Updated: Tuesday, 03 Mar 2009, 8:33 PM EST
Published : Tuesday, 03 Mar 2009, 5:47 PM EST
FORT WAYNE, IND. (WANE) - Trimming the fat and giving people in Indiana better service: that's what the governor and his predecessor are trying to do. A handful of officials in Indiana, including former Governor Joe Kernan and Indiana State Supreme Court Chief Justice Randall Shepard have a 27 step plan to do just that.
It's called the Kernan-Shepard Report on Government Reform. It’s aimed at modernizing local governments across the state, while also saving taxpayer dollars.
"It's about a system that's not serving Hoosiers well," Indiana Governor Mitch Daniels said Tuesday at a presentation of the report at Fort Wayne’s Chamber of Commerce. Governor Daniels wants to see what he calls 18th century government modernized.
"You would quickly understand your government better and know who to give the credit to, or who to blame. You wouldn't get the run around that I hear about all the time, where three county commissioners all point at one another or the auditor points at the treasurer who points at the clerk, points at the recorder, who points at the assessor. So you'd have more visible and accountable government," Governor Daniels told NewsChannel 15’s Matt McCutcheon.
The plan calls for a single county executive, or more adequately splitting roles between county commissioners and county council.
Other measures include shifting more policy functions to elected positions, while moving administrative duties to those not elected. Another proposal involves changing some municipal election dates, for posts like school board seats; and consolidating emergency public safety dispatch by county or even multi-county region.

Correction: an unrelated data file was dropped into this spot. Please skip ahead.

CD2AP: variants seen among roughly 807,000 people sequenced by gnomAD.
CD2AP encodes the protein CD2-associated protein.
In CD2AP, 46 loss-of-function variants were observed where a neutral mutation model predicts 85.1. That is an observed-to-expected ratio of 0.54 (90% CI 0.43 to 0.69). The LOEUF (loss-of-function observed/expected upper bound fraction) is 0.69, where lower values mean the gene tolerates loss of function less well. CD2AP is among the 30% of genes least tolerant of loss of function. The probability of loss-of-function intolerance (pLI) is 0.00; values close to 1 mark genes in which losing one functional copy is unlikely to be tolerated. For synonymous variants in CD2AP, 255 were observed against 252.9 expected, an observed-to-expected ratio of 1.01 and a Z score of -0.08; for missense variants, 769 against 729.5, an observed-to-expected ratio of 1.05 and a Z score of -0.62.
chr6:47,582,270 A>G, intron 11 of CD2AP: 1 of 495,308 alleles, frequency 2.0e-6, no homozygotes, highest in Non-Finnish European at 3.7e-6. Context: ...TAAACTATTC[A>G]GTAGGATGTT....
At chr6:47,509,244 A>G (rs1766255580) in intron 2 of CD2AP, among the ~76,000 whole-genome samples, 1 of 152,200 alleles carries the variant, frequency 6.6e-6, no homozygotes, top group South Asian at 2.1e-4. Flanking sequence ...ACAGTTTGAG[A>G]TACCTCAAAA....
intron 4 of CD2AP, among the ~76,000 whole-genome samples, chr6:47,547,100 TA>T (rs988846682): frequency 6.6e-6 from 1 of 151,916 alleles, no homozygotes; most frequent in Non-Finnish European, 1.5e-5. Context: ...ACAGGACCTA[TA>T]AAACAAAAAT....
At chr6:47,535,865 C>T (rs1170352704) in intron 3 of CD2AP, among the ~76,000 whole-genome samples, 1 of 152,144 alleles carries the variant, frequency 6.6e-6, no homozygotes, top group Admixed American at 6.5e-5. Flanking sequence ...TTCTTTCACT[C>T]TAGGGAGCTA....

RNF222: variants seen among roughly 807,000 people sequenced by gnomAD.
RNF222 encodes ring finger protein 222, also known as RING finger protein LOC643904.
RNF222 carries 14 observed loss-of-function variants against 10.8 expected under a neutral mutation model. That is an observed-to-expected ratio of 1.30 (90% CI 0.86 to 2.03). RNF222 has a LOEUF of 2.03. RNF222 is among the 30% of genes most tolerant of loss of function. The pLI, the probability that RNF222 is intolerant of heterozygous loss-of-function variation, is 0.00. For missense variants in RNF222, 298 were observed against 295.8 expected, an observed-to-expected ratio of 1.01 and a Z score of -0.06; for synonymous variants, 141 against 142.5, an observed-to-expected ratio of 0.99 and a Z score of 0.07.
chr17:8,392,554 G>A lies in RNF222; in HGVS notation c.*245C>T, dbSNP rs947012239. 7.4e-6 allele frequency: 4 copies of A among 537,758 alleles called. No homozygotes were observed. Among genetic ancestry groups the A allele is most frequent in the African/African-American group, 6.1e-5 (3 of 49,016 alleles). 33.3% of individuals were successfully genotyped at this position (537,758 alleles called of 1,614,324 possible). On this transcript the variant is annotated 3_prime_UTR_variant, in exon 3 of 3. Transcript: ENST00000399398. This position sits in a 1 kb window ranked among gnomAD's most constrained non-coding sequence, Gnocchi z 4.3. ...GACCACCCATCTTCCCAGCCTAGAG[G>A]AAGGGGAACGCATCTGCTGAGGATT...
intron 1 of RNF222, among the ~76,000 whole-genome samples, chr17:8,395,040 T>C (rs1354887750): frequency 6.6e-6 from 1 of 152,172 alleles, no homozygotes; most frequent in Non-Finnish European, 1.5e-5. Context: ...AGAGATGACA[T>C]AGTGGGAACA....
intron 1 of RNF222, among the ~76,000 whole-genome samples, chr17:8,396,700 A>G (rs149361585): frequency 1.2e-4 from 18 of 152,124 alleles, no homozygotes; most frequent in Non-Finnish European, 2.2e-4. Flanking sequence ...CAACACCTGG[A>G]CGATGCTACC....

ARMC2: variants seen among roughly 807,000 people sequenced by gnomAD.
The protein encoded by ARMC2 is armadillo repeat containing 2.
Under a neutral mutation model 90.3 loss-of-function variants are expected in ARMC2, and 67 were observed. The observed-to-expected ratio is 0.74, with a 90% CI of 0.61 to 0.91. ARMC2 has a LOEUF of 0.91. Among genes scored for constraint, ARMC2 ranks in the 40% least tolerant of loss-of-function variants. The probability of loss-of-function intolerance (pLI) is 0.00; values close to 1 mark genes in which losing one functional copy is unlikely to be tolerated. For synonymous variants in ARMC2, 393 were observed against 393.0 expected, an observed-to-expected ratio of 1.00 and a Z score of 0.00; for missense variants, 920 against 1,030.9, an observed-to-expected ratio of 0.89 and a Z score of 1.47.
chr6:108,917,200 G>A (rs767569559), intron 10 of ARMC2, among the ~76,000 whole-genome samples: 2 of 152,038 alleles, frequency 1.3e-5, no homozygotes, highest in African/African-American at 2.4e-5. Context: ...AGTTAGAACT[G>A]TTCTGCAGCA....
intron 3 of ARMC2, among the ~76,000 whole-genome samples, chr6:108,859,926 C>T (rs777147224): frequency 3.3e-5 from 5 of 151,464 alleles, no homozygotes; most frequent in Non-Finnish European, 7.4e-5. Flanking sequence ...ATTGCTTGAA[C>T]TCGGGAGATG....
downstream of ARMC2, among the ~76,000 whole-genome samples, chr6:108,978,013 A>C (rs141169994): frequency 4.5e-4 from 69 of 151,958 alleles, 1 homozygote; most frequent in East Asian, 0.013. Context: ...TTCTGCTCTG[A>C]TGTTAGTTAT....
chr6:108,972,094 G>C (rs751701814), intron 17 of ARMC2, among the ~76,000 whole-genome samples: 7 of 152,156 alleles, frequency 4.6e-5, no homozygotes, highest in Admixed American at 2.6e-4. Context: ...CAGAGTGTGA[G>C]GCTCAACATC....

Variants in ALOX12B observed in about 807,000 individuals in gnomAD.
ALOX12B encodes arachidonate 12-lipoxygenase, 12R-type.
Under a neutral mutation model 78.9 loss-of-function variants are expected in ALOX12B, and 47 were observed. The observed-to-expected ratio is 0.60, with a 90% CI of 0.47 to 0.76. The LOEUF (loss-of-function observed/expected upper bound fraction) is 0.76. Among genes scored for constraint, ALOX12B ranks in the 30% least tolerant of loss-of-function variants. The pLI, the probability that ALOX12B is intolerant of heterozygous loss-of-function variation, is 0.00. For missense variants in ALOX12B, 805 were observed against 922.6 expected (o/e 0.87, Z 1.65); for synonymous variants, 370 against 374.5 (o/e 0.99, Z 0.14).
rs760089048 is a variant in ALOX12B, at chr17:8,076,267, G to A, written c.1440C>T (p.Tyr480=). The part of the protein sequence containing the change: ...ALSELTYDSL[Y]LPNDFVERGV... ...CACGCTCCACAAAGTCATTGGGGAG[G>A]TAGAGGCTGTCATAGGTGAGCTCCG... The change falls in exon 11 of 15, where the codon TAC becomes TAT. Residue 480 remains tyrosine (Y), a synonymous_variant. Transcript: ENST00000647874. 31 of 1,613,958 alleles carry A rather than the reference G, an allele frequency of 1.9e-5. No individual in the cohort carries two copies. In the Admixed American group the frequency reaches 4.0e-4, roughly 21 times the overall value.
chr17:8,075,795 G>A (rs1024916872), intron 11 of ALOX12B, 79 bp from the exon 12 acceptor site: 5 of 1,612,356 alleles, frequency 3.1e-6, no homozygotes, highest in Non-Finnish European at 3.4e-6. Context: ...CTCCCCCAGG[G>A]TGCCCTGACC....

The Kernan-Shepard report along with Governor Daniels use the Allen County Public Library as a successful example of integration; we have one library system serving both the city and county successfully. That helps to pare down costs while maintaining and even expanding services.
That success model, officials say, could be used to overhaul township government.
"Sixty percent of the townships reported providing services to fewer than 2 households a month, and what they do in fire protection is contracted once a year and write a check... it doesn't seem to me that that's an appropriate place to be spending tax payer dollars," said Marilyn Schultz, Executive Director of MySmartGov.
Officials say the 27 step plan would eliminate duplication statewide while saving taxpayers as much as $600 million a year. Several parts of the plan require legislative action, and could take years to fully integrate.